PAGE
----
• Question: if stars are so far apart then why when theres a shooting star does it go so fast? I may have asked you before but it was on a chat andi couldn't go back and read it sorry.

    Asked by leah1 to Laura, Nicola, Norman, Sandra, Thanasis on 18 Mar 2013.
    • Photo: Laura Soul

      Laura Soul answered on 18 Mar 2013:

      I think you did ask that in chat I remember! The things we see in the night sky that we call stars, that move very slowly and make up the constellations, are other suns just like our own. So they are all enormous spheres of gas that generate huge amount of radiation of all types (light, heat, UV etc.). They are very far away from us. the nearest one to earth is called Proxima centuri and it takes light 4.25 years to reach us from there.

      Shooting starts actually aren’t technically stars at all, they are actually meteors, so pieces of rock or ice that enter the Earth’s atmosphere from space. When they are in space they are usually going at thousands of miles per hour. This means that when they hit the air in the atmosphere they compress the air in front of them. If you squash air it heats up (you can try this out at home with a bicycle pump, when you pump up and down for a bit the pump will get warm, this is heat from the air when you compress it with the pump). The meteors are going so fast that they compress the air a huge amount and it heats up so much that it starts to glow. This glowing is what you see when you see a shooting star.

      The air usually heats up so much that it burns the rock up completely when it’s still quite high in the atmosphere, this is why shooting stars don’t last for very long, the meteor shoots really fast across the sky, heats up the air, burns up and disappears all in a couple of seconds!

    • Photo: Nicola Wardrop

      Nicola Wardrop answered on 18 Mar 2013:

      Like Laura said, the shooting stars are meteors entering the earths atmosphere, so they are much closer to us than the stars and planets that we can see – this makes it look like they are travelling fast across really long distances in comparison with the rest of the sky!

    • Photo: Thanasis Georgiou

      Thanasis Georgiou answered on 18 Mar 2013:

      Indeed, stars and planets and meteoroids that travel through space don’t show up as “shooting stars” in our sky.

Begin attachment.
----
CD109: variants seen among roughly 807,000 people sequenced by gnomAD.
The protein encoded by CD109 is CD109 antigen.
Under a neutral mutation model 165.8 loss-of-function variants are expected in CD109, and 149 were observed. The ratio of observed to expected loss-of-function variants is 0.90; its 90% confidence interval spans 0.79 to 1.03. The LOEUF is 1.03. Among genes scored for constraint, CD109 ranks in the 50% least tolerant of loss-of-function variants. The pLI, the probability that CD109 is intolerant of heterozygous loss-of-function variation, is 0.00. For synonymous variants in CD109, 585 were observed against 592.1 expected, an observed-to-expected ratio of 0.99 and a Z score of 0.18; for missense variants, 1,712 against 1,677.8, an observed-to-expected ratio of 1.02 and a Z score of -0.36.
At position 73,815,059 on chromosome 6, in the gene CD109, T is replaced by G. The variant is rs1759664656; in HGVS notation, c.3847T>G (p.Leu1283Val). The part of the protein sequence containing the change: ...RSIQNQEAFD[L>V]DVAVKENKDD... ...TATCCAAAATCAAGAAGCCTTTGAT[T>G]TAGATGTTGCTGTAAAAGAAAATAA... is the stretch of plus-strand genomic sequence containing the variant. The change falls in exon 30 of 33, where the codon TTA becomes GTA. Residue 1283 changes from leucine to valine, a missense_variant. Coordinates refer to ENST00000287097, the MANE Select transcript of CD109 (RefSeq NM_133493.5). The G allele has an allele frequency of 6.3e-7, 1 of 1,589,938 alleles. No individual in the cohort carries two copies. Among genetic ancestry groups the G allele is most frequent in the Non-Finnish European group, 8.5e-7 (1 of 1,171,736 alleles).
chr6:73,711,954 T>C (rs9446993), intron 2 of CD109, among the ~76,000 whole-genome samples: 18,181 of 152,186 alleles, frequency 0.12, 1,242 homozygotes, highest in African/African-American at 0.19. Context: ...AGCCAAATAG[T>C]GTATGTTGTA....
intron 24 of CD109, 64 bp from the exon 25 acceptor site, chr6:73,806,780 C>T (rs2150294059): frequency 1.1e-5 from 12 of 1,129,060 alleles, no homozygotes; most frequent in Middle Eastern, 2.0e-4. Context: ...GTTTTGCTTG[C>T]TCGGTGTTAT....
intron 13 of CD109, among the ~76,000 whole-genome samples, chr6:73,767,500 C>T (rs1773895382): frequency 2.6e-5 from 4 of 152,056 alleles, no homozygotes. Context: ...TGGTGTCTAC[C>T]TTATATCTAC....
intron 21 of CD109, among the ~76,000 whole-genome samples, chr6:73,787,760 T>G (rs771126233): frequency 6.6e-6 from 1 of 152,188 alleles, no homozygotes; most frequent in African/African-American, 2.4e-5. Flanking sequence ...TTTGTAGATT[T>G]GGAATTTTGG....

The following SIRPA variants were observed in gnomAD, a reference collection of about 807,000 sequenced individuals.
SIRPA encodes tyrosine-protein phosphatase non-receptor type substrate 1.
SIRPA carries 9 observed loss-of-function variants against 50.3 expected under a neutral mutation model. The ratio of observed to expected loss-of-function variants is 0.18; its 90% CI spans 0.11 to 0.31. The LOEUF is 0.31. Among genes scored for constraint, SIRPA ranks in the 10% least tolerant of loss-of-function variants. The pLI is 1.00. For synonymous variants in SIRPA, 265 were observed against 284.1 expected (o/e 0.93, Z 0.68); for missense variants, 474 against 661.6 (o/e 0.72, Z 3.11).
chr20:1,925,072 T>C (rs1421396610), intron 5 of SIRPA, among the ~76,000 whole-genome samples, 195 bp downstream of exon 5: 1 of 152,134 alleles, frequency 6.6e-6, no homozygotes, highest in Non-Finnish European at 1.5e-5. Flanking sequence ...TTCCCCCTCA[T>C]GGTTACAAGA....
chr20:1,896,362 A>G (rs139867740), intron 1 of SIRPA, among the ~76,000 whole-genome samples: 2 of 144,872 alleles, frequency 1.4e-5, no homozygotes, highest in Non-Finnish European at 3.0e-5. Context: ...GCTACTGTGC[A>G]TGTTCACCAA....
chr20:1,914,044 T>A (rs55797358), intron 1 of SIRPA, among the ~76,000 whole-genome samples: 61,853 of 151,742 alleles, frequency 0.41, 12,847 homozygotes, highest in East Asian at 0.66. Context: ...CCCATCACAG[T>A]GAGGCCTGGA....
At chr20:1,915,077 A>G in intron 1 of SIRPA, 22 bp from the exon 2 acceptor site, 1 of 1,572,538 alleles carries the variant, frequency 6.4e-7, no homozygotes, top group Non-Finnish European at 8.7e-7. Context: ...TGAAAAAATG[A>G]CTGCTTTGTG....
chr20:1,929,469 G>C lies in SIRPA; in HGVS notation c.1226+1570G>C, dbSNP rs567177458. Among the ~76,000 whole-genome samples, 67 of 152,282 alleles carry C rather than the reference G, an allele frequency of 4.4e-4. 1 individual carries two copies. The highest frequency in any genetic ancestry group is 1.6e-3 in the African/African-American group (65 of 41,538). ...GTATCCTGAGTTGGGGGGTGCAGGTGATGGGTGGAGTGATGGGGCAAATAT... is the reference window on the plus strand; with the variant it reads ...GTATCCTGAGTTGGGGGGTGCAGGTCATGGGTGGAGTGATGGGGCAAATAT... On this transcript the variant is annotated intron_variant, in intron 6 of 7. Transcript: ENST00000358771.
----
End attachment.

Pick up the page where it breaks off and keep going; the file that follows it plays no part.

SHooting stars is probably the wrong terminology to describe the these brights flashes of light you see up in the sky. They are actually small pieces of dust, usually up to a few centimetres in size, or up to the size of a football.

      Because things in space travel very very fast (kilometres per second!) when they hit earth’s upper atmosphere and because of friction (the same reason your hands warm up when you rub them together) they warm up and start burning! The burning of these meteroids is what makes the nice tail in the sky and so beautiful to watch.

      Recently you might have seen that a very large meteroid entered earth and was visible in Russia. That one was a big one! About 17 metres long (about the size of 5-floor building)!

    • Photo: Sandra Phinbow

      Sandra Phinbow answered on 18 Mar 2013:

      There’s nothing I can say that the other scientists haven’t already said, but I have taken a photo of one. Have a look on my profile page.

      It was a Lyrid meteor from last year. It was a whopper. There were 3 of us all set up in a field inthe moiddle of nowhere, had beautiful dark clear skies and we spent all night watching and waiting. We all had tripods and cameras set up and we had quite a few meteors that night, but the one in the photo was the best. In real life it was much better than the pic, and much bigger. It was just amazing. When we saw it all 3 of us jumped and started shouting OMG OMG did you see that!!??

      It was awesome!!